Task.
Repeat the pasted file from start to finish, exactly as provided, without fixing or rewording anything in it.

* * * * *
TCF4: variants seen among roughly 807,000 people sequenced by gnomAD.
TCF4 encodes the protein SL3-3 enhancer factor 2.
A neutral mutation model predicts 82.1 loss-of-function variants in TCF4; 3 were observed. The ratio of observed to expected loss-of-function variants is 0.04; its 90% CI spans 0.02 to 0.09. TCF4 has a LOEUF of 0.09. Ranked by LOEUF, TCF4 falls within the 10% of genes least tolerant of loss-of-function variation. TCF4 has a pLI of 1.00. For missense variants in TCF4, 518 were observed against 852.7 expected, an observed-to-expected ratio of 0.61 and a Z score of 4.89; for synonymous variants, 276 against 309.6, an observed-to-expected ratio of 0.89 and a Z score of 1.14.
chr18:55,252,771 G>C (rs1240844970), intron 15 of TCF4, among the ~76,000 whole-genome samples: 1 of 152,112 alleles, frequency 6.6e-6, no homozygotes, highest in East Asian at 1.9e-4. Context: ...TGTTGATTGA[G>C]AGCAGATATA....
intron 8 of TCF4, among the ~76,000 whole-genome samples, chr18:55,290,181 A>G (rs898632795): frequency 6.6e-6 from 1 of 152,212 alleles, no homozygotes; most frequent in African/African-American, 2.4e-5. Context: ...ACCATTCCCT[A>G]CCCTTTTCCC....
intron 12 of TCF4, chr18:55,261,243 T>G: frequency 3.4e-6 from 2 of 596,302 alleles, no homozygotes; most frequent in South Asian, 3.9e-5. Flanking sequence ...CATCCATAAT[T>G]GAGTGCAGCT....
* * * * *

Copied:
TCF4: variants seen among roughly 807,000 people sequenced by gnomAD.
TCF4 encodes the protein SL3-3 enhancer factor 2.
A neutral mutation model predicts 82.1 loss-of-function variants in TCF4; 3 were observed. The ratio of observed to expected loss-of-function variants is 0.04; its 90% CI spans 0.02 to 0.09. TCF4 has a LOEUF of 0.09. Ranked by LOEUF, TCF4 falls within the 10% of genes least tolerant of loss-of-function variation. TCF4 has a pLI of 1.00. For missense variants in TCF4, 518 were observed against 852.7 expected, an observed-to-expected ratio of 0.61 and a Z score of 4.89; for synonymous variants, 276 against 309.6, an observed-to-expected ratio of 0.89 and a Z score of 1.14.
chr18:55,252,771 G>C (rs1240844970), intron 15 of TCF4, among the ~76,000 whole-genome samples: 1 of 152,112 alleles, frequency 6.6e-6, no homozygotes, highest in East Asian at 1.9e-4. Context: ...TGTTGATTGA[G>C]AGCAGATATA....
intron 8 of TCF4, among the ~76,000 whole-genome samples, chr18:55,290,181 A>G (rs898632795): frequency 6.6e-6 from 1 of 152,212 alleles, no homozygotes; most frequent in African/African-American, 2.4e-5. Context: ...ACCATTCCCT[A>G]CCCTTTTCCC....
intron 12 of TCF4, chr18:55,261,243 T>G: frequency 3.4e-6 from 2 of 596,302 alleles, no homozygotes; most frequent in South Asian, 3.9e-5. Flanking sequence ...CATCCATAAT[T>G]GAGTGCAGCT....